Our thanks to Retired Hack for this latest update on former CEO of Isle of Wight council, Steve Beynon. Ed
Today OnTheWight can reveal the answer to one of the Island’s most enduring mysteries, something which has kept inquiring minds awake at night for well-nigh a year now.
It’s right up there with “why do we need a second mortgage to cross the Solent?” and “who on earth designed Coppins Bridge and left it like that?”.
It’s this. Whatever happened to Steve Beynon?
Steve, you’ll recall, left his post as chief executive at County Hall last spring with quite a few unanswered questions ringing in his ears about the state into which our schools had descended on his watch.
No sooner were the May elections out of the way than local Conservatives – first MP Andrew Turner and then council education spokesman Chris Whitehouse – turned their guns on him, demanding answers surrounding a chaotic schools reorganisation programme, plunging exam results, and a cascade into special measures of school after school, leading the government to insist that outside help – from Hampshire County Council – be brought in.
No time for gardening
The erstwhile chief, however, wasn’t in the business of answering questions. Nor was he inclined to sit back and enjoy his substantial local authority pension, topped up with a controversial redundancy payment.
Instead, he was busy setting up a consultancy firm, apEynon, in the apparent hope of selling himself as a “strong strategic leader with proven track record of addressing under-performance” amongst other things.
Then he wrote to an Islander bemoaning various ways in which, in his opinion, he was being unfairly blamed. But for months, it looked as if apEynon’s list of clients could be counted on the fingers of no hands.
That all changed, we can reveal, following the recent sudden departure of the head teacher of a primary school just off the M25 after Ofsted put it in special measures.
Steve Beynon is now educating Essex.
Made of the stuff of superheroes?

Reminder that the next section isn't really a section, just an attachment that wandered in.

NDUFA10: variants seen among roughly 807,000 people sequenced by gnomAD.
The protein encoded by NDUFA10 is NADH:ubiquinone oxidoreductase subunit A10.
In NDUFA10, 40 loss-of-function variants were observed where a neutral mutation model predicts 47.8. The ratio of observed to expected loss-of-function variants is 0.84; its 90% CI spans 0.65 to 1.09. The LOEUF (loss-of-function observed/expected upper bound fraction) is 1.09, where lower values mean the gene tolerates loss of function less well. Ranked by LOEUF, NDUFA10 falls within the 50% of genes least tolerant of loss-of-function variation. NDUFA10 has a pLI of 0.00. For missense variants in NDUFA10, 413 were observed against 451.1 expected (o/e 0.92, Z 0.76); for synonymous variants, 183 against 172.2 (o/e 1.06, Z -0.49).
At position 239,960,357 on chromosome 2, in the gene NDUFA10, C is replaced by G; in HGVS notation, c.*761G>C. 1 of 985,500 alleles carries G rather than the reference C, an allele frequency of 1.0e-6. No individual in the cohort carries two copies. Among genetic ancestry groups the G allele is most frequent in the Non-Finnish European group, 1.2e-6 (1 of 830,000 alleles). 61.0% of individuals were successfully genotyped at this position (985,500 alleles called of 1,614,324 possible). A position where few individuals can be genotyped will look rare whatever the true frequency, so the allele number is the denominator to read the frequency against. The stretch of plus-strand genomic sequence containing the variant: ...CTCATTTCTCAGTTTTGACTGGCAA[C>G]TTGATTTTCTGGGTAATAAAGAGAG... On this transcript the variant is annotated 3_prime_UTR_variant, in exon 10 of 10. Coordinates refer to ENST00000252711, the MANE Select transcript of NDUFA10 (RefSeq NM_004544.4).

When staff returned to Waltham Holy Cross Junior School, at Waltham Abbey, at the start of this half term (24th Feb) they found that Essex County Council had put in place a four-strong management team from a company called Lilac Sky Schools. LSS runs an Academy Trust, but also specialises in management contracts of the type Steve is involved in.
Hit the “Vacancies” tab on their website, as perhaps Steve did, and you’re greeted by a banner reading “only Superheroes need apply”, illustrated by a Superman graphic. For a man like Steve it must have been a no-brainer.
Part of the hit squad
The LSS hit squad is led by an executive head teacher, and includes “Mr Steve Beynon who is a former Primary Head”.
The Waltham Holy Cross Website features Steve’s mugshot – he still has the beard – along with some ambitious LSS pledges, including getting the school out of special measures within 15 months. Steve’s role is believed to include “curriculum matters”.
Did LSS ask for an IWC reference?
It is many years since Steve Beynon was “a Primary Head”.
His current LinkedIn page confirms a career away from the classroom since at least 1995, when he began a two-year stint – for Essex County Council – as a “principal adviser”.
So we think it legitimate to enquire of LSS, and Essex County Council, whether a reference was sought and received from his most recent employer, the Isle of Wight Council. It was here, after all, where Steve’s seven-year stint, first as director of education and then as chief executive with director responsibility for education, ended with Ofsted identifying the Island as Britain’s very worst area on a measure of children attending “good” schools.
We will update with their response.